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Sinful Cinema Super Mario Bros.

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Sinful Cinema: Super Mario Bros.

Let’s get one thing straight: You can say whatever you want about Rocky Morton and Annabel Jankel’s Super Mario Bros. (1993), but you need to remember that it wasn’t cheap—in fact, a more brazenly commercial product of this size and sweep may never have crawled out of studio hell in the 1990s. Furthermore, the conditions that leavened it—a hotshot husband-and-wife directing team propelled into the eye of a sprawling, committee-bred, synergetic summer-blockbuster hurricane, well after shooting began—would probably never be repeated again. The result is a queasy jumble of genre tropes (re-appropriated to hit kids’ sweet spots), and remarkable modernist visual gags, packed with political subtext, yet tossed off like so many cheap pizza napkins.

To this day, junk-film-lovers denounce Super Mario Bros. altogether. History has not accorded the film an uneven status, with its own gradient of strengths and weaknesses, but, instead, a straight plunge into a bottomless pit of filmic despair—a “game over” if there ever was one. Leaving aside the question of what a good live-action Mario Bros. movie would feel like (or the even harder one of why it needed to exist in the first place), the evidence on hand suggests an unholy marriage of fine arts and tent-pole demands, which left both sides more than a little put out. Whatever its attempts to feign effortlessness, the film is uncomfortable to its core in the aim to create Robert-Zemeckis-grade, wisecracking funhouse trappings. The experience of seeing Mario (played by Bob Hoskins, of Zemeckis’s Who Framed Roger Rabbit?) doggedly bumping his head on things and contorting himself in shock, backed up by a dishearteningly similar score (by Alan Silvestri, also a Roger Rabbit? alum), is depressing, even Vertigo-esque.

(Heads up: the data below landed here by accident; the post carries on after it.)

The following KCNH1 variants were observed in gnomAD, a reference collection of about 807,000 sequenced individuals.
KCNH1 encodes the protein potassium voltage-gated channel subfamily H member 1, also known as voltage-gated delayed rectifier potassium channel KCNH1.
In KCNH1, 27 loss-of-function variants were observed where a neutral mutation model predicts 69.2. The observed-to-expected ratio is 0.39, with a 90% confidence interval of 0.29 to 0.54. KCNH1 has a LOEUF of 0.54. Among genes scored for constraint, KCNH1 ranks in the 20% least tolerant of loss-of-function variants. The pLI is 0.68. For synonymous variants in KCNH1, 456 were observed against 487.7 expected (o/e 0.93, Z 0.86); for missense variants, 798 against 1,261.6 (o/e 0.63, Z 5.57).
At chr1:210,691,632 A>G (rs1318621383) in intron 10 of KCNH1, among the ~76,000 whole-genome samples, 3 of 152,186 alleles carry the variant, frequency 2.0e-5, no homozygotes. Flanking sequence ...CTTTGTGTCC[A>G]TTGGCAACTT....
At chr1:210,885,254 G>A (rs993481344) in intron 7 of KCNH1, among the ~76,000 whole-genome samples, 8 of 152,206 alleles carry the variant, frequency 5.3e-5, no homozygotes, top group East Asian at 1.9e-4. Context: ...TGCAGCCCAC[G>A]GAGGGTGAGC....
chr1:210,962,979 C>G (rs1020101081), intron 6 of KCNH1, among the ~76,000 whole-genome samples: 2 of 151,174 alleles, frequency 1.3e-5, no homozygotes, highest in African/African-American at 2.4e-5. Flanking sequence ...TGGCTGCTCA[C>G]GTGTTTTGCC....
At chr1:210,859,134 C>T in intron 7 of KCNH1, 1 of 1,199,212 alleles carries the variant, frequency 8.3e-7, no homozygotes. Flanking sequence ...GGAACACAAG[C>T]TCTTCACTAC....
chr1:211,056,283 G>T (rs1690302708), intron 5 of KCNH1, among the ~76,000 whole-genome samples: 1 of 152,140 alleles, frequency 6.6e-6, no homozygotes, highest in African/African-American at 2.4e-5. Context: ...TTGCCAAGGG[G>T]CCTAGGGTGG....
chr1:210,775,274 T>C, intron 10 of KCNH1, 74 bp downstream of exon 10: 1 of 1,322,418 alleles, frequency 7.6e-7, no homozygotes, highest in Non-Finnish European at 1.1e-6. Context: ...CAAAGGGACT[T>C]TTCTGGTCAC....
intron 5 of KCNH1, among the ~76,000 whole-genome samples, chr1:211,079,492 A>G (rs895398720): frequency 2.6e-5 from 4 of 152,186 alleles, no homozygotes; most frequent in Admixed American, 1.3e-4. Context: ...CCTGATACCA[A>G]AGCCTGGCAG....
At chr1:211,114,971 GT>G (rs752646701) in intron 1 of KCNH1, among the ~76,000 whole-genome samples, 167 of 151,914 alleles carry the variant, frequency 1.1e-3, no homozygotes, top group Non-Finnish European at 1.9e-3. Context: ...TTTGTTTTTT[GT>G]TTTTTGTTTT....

And yet, Hoskins is game, as is John Leguizamo as Luigi, shown here as a meatheaded young swain, who provides the film’s attempt at an emotional core as he follows the orphaned student Daisy (Samantha Mathis) into the fourth dimension, dragging his wisecracking brother along with him. (Over dinner at a Scorsese-worthy Italian spot in south Brooklyn, Luigi chipperly tells his new girlfriend that Mario is his mother, father, and uncle. It’s their first date.) Daisy’s contribution to the plot probably ages it the worst: The earthbound excuse for this movie is a team of plucky NYU archaeologists going toe to toe with a fat-cat real estate firm, whereas any New Yorker probably feels the opposite has happened over the ensuing 20 years. After Daisy’s dig site is sabotaged by developer-thugs, the three fall into a sandy realm-portal that kicks them out into “Dinohattan”—a parallel-dimension Big Apple where society has evolved from prehistoric lizards into cyberpunk humanoids.

Lorded over by King Koopa (Dennis Hopper), the city-state is a seedy dystopia clearly modeled after Ed Koch’s New York, even if the preponderance of Koopa-ganda embedded on the margins of the film’s frames have more in common with Michael Bloomberg’s 21st century vision of compassionate corporatism. Political dissidents are rounded up in spike-covered police cars, clubbed senseless, locked up in giant cage-grids that recall the dusty underside of an old NES cartridge, or, worse yet, processed in an electric chair that can evolve or de-volve them, depending on Koopa’s wishes. Daisy, it’s revealed, wears around her neck a piece of the original meteorite that killed off the dinosaurs and severed the two realms, and Koopa needs it to secure hegemony over both.